In Gallery 209, the student gallery in Applied Arts, Slack has a sculptural painting installation about 5-feet high comprised of drywall and cinder blocks. The piece [T((E(T)R))A]represents the endurance of concrete items.
“In this case, I take an image of a tetrapod wave breaker. In this installation, one has to move between these objects in different temporal encounters. As a triptych, I attempt to delineate ‘the object,’ the external forces affecting it, and its inner dimensional existence as a kind of planar being. Tetrapods become a membrane-like substance around a coast in attempt to preserve land from erosion. I find it an interesting dichotomy as its job is to essentially erode in order to preserve the time for something else — the coastline. As humans we want to preserve, most of us are unaccepting of change. However, things are constantly in a flux of progression and deterioration, even down to a quantum scale. Through recognizing this one can persist in being attuned with a sense of universality.”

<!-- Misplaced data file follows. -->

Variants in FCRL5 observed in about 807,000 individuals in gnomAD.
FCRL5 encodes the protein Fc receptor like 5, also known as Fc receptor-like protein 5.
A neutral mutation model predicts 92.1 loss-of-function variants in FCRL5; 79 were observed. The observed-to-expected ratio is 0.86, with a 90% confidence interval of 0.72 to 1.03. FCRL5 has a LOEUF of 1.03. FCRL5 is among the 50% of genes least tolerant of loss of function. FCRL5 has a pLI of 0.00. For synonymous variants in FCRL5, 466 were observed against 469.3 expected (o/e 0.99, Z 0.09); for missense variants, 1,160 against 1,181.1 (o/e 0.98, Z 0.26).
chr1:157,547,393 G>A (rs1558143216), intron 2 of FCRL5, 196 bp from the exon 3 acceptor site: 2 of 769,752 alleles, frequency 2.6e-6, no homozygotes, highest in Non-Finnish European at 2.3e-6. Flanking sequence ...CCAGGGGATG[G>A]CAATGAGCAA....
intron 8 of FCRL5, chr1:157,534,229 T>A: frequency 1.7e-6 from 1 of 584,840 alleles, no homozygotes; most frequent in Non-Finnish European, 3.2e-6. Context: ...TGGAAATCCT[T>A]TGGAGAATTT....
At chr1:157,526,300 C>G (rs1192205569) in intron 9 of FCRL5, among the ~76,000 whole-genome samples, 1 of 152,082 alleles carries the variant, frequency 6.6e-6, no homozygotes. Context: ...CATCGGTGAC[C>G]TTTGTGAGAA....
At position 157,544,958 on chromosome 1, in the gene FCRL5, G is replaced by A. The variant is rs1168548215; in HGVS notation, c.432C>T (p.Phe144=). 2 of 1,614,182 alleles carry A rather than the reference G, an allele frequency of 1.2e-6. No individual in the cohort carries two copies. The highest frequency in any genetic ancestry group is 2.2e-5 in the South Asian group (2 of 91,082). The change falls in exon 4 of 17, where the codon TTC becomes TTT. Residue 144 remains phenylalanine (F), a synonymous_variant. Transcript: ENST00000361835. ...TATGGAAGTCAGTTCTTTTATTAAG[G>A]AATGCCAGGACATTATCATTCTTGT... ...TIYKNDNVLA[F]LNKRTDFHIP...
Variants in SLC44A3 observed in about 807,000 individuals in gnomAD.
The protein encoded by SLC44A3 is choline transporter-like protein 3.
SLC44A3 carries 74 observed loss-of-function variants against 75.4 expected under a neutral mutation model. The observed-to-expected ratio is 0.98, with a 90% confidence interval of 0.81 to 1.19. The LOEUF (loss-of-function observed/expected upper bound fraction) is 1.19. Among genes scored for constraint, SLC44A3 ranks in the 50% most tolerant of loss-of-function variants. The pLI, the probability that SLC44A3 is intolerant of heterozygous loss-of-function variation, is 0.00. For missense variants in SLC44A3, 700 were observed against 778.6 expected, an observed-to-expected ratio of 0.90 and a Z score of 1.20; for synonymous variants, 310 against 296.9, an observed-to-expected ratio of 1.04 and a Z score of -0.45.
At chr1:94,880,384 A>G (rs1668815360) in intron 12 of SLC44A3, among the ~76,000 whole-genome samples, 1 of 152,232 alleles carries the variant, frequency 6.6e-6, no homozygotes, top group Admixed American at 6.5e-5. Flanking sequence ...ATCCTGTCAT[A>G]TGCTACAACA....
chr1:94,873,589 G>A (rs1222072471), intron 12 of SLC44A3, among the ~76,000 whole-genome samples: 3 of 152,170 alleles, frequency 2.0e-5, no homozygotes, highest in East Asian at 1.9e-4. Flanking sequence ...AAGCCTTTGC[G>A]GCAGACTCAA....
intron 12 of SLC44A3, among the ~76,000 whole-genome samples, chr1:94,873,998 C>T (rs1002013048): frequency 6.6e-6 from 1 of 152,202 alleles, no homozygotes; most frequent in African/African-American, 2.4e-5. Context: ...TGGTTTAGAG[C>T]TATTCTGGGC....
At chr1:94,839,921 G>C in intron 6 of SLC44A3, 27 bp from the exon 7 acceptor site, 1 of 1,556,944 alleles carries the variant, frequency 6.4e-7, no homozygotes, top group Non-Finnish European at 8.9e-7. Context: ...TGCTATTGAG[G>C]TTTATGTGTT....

Slack describes themselves as an anti-disciplinary artist, using photographs, poetry and painting in pieces. “It’s the freedom to be able to experience and define things and how they present to me,” Slack said.
The gallery will be open Friday, Dec. 17, from 6 to 8 p.m. but is also open regularly when classes are being held, Beck said.
Slack, of White Bear Lake, Minn., plans to attend graduate school either at the Glasgow School of Art in Scotland or the National Taiwan University of Arts.
“I definitely want a different perspective outside of the Midwest,” Slack said.
Slack started at UW-Stout as an undeclared major. But after they started working in the art program, they stayed because of the art professors and their knowledge.
As a photographer, Slack enjoys using a $35 Holga 120-format camera.
“You can toss them around, place tape on them. You can control them a lot,” Slack said. “That goes back to my interest in freedom and expressionism.”